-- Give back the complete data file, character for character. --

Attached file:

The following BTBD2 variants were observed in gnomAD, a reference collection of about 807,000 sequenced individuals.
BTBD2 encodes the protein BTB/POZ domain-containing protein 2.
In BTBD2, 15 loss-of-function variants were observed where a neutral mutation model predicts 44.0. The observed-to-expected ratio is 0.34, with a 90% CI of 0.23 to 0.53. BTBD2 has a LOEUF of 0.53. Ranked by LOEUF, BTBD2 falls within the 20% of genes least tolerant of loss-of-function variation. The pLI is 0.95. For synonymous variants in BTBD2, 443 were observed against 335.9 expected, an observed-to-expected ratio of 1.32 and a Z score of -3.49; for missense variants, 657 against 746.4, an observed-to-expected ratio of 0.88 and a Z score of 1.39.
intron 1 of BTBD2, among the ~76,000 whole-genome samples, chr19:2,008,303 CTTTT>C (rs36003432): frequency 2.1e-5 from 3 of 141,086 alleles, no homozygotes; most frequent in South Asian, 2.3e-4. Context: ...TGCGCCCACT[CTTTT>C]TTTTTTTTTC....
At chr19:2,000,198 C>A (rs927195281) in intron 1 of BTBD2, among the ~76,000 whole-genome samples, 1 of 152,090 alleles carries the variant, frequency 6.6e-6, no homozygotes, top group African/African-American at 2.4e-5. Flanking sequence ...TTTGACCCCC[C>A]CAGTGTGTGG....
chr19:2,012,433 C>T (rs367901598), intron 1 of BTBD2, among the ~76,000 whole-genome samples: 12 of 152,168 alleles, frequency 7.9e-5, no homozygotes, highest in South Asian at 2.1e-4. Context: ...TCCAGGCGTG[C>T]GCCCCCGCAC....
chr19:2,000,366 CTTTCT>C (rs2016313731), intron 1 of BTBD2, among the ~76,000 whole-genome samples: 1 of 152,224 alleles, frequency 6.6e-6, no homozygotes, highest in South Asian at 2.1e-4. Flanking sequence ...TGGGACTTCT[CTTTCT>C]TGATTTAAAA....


The following BTBD2 variants were observed in gnomAD, a reference collection of about 807,000 sequenced individuals.
BTBD2 encodes the protein BTB/POZ domain-containing protein 2.
In BTBD2, 15 loss-of-function variants were observed where a neutral mutation model predicts 44.0. The observed-to-expected ratio is 0.34, with a 90% CI of 0.23 to 0.53. BTBD2 has a LOEUF of 0.53. Ranked by LOEUF, BTBD2 falls within the 20% of genes least tolerant of loss-of-function variation. The pLI is 0.95. For synonymous variants in BTBD2, 443 were observed against 335.9 expected, an observed-to-expected ratio of 1.32 and a Z score of -3.49; for missense variants, 657 against 746.4, an observed-to-expected ratio of 0.88 and a Z score of 1.39.
intron 1 of BTBD2, among the ~76,000 whole-genome samples, chr19:2,008,303 CTTTT>C (rs36003432): frequency 2.1e-5 from 3 of 141,086 alleles, no homozygotes; most frequent in South Asian, 2.3e-4. Context: ...TGCGCCCACT[CTTTT>C]TTTTTTTTTC....
At chr19:2,000,198 C>A (rs927195281) in intron 1 of BTBD2, among the ~76,000 whole-genome samples, 1 of 152,090 alleles carries the variant, frequency 6.6e-6, no homozygotes, top group African/African-American at 2.4e-5. Flanking sequence ...TTTGACCCCC[C>A]CAGTGTGTGG....
chr19:2,012,433 C>T (rs367901598), intron 1 of BTBD2, among the ~76,000 whole-genome samples: 12 of 152,168 alleles, frequency 7.9e-5, no homozygotes, highest in South Asian at 2.1e-4. Context: ...TCCAGGCGTG[C>T]GCCCCCGCAC....
chr19:2,000,366 CTTTCT>C (rs2016313731), intron 1 of BTBD2, among the ~76,000 whole-genome samples: 1 of 152,224 alleles, frequency 6.6e-6, no homozygotes, highest in South Asian at 2.1e-4. Flanking sequence ...TGGGACTTCT[CTTTCT>C]TGATTTAAAA....